What is Engineering? – The Definition
Engineering is the application of scientific knowledge to solving problems in the real world. While science (physics, chemistry, biology, etc.) allows us to gain an understanding of the World and the Universe, Engineering enables this understanding to come to life through problem solving, designing and building things. The electronic device you are using to read this article was engineered from raw plastic, metal, silicon and lines of software code before being transformed into a usable device. Pretty cool!
Engineers can be distinguished from other professions by their ability to solve complex problems and implement solutions in cost effective and practical ways. This ability to face a problem, work through various thoughts and abstract ideas and then translating them into reality is what is so exciting about engineering.
Consider the Following Things Engineering Allows You to Do:
- Sit (reasonably) comfortably in a chair while flying through the sky – commercial airplane.
- Heat up a meal in under 5 minutes – microwave.
- Gain instant access to almost all human knowledge – Google.
- Check your Facebook profile anywhere at any time – mobile phone.
What are the Common Skills Engineers Use?
Engineers are problem solvers, organisers, communicators, calculators and designers. These skills rely heavily on rational thinking and logical decision making, which is why most Engineers come from science and maths backgrounds. Yet despite this fact Engineering is a highly creative activity, especially when complicated problems are involved. The modern Engineer is also very software savvy and can use a range of different computing programs to assist in verifying designs and predicting how structures will behave in the environment.
What are the Common Fields of Engineering?
There are many branches and fields within the various Engineering disciplines which can be rather confusing. However, all Engineering degrees are based on one (or a combination) of the 4 major disciplines of Civil, Chemical, Mechanical and Electrical Engineering.
Building a Tunnel: How Different Engineers Work Together
A Civil Engineer who specialises in structural design (Structural Engineer) would calculate the size of the tunnel, how it is to be constructed (all of the stages) and what it is made of (reinforced concrete, etc.). In order to provide clean air and remove as much of the vehicle emissions as possible, a Mechanical Engineer is employed to design the ventilation system.
The Mechanical Engineer would plan for the amount of emissions that need to removed and the process of removing them (for instance how many of a particular type of fan would be required and where they are to be installed. Don’t forget they also have to figure out where this air flows to. An Electrical Engineer will design the lighting as well as any control systems for hazard signs. In some cases, specialist disciplines such as Environmental Engineering are used to conduct an investigation into the sustainability and environmental effects of building such a tunnel.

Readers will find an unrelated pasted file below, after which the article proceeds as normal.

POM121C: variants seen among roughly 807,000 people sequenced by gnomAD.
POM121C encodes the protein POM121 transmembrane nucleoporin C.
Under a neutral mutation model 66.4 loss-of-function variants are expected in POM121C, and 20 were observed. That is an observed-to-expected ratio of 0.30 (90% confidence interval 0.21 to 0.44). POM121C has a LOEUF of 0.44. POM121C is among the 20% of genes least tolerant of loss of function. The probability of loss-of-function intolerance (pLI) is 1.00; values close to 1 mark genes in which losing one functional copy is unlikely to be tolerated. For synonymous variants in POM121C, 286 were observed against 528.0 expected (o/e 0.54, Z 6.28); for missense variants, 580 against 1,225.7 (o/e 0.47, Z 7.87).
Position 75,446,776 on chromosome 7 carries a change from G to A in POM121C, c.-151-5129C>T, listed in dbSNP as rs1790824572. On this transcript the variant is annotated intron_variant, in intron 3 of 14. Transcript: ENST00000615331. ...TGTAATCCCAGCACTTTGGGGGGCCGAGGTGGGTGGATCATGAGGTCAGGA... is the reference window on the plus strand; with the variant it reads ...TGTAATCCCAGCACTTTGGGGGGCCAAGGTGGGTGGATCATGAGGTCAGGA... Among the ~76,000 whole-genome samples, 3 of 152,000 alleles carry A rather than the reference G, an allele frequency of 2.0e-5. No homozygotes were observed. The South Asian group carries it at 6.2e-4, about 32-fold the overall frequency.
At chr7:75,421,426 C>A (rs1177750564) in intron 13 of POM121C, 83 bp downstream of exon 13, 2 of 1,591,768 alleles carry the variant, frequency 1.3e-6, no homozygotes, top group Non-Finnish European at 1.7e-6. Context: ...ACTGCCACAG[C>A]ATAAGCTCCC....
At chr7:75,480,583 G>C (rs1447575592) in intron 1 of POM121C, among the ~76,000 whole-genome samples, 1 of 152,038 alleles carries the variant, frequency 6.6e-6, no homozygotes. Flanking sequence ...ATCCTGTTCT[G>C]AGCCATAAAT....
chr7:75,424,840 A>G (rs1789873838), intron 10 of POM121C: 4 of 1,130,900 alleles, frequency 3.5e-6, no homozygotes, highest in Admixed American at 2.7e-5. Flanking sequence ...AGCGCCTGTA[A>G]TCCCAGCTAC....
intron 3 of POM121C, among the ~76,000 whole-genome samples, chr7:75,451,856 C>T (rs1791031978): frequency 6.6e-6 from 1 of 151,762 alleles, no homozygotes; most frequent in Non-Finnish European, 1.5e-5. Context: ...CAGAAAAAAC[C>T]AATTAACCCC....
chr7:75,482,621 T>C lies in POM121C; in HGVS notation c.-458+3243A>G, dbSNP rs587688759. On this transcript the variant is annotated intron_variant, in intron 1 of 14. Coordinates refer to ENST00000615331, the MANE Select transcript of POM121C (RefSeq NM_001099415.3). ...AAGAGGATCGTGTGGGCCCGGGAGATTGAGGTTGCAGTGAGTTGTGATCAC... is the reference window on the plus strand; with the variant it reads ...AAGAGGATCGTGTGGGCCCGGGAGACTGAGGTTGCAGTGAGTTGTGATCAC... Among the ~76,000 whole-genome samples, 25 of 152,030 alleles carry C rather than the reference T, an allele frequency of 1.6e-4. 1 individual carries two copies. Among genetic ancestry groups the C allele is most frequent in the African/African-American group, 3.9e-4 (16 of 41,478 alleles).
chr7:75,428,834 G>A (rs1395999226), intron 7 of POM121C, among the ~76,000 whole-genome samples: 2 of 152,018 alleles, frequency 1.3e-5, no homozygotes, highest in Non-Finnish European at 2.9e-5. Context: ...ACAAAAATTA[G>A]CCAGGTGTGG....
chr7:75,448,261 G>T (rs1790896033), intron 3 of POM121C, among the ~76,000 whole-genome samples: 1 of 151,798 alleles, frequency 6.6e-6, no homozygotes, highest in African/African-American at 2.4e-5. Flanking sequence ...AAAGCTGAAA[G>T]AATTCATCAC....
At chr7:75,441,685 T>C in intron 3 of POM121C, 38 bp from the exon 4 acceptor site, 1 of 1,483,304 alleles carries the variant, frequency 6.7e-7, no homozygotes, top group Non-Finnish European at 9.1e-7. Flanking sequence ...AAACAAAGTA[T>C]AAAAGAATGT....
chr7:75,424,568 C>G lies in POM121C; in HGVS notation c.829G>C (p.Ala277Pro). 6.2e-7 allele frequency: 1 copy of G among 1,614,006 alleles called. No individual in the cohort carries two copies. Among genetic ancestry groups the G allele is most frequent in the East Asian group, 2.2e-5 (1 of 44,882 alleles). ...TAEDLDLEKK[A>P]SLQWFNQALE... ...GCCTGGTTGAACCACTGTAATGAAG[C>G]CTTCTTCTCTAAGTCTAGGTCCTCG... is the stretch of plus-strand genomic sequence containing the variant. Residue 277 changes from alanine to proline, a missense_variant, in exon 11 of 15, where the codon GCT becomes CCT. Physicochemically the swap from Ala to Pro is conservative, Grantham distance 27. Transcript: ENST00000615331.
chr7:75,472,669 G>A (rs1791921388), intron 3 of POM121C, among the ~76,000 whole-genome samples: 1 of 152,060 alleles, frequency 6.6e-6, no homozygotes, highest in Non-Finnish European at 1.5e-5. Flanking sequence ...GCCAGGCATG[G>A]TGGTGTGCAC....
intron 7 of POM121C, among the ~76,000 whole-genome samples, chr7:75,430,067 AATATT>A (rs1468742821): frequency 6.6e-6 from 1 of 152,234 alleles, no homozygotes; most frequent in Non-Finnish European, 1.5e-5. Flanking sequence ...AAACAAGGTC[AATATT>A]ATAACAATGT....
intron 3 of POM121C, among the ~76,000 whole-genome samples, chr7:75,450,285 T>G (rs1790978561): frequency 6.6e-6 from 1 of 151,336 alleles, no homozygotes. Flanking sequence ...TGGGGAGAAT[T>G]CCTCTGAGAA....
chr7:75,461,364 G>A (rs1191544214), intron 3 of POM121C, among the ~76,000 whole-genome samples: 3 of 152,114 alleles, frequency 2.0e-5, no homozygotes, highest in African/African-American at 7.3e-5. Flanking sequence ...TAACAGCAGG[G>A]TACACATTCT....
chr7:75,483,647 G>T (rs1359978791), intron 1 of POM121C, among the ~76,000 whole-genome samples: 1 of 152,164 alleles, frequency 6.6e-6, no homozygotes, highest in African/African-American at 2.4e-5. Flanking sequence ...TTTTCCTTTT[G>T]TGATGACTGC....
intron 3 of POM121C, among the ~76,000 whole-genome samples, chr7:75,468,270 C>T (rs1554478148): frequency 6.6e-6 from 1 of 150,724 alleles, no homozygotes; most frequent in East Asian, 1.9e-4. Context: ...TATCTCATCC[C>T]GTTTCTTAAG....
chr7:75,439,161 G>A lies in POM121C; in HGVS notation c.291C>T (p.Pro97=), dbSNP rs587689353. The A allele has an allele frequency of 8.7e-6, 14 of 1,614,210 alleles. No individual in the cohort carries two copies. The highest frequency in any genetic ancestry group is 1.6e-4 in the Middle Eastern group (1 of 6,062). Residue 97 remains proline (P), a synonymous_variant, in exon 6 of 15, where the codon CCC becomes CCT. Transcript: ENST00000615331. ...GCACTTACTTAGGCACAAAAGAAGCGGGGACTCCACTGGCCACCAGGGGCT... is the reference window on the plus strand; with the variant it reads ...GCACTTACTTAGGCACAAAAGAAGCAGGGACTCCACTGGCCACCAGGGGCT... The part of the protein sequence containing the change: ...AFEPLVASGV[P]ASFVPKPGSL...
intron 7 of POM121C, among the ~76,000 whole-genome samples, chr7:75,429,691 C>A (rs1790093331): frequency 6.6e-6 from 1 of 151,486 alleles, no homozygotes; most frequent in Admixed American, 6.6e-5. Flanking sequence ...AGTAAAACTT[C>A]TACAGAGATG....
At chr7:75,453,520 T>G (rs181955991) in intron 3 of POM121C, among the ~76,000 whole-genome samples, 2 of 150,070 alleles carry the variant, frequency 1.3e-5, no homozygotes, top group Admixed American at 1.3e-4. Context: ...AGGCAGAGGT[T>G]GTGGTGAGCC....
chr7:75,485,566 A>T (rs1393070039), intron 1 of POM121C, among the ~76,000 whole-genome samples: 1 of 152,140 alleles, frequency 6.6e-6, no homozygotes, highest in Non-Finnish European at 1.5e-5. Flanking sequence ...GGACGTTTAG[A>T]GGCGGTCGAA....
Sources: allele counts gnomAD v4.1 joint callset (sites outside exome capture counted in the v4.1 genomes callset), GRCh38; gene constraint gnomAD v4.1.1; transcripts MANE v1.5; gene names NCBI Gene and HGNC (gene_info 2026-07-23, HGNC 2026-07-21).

Do Engineers Work as Individuals?
This answer is dependent on the specific project, job and even field that engineers work in. Generally, all Engineers work as part of a small or large team. A Chemical Engineer conducting research and development may spend the majority of their time working independently in a lab performing experiments and writing technical reports. On the other end of the spectrum, a Civil Engineer in the construction industry may spend the majority of their time on-site, working with foremen and tradesmen to develop buildings or infrastructure.
Is Engineering Boring and Repetitive?
It is inevitable in any job, really, to have to perform dull and mundane tasks. Engineers are required to check calculations (which are vital so nothing explodes or collapses!), read technical papers and write technical reports. The true value found in engineering is the ability to combine all tasks to create something greater (think 1 + 1 = 3).
Consider that many other professions such as accounting, teaching and even business studies all have their own mundane and repetitive tasks – it’s the ability to create something special like a two-hundred story skyscraper or a car that runs on the invisible force electricity that makes engineering stand out! Engineering provides you with the opportunity to contribute to society and leave a lasting impression on the world – follow in the footsteps of engineers like Thomas Edison whose inventions are still used today!
Want to Learn More?
You can also check out our People of WIE page. It contains stories and learning experiences from Engineering students and professionals who have improved their lives through Engineering.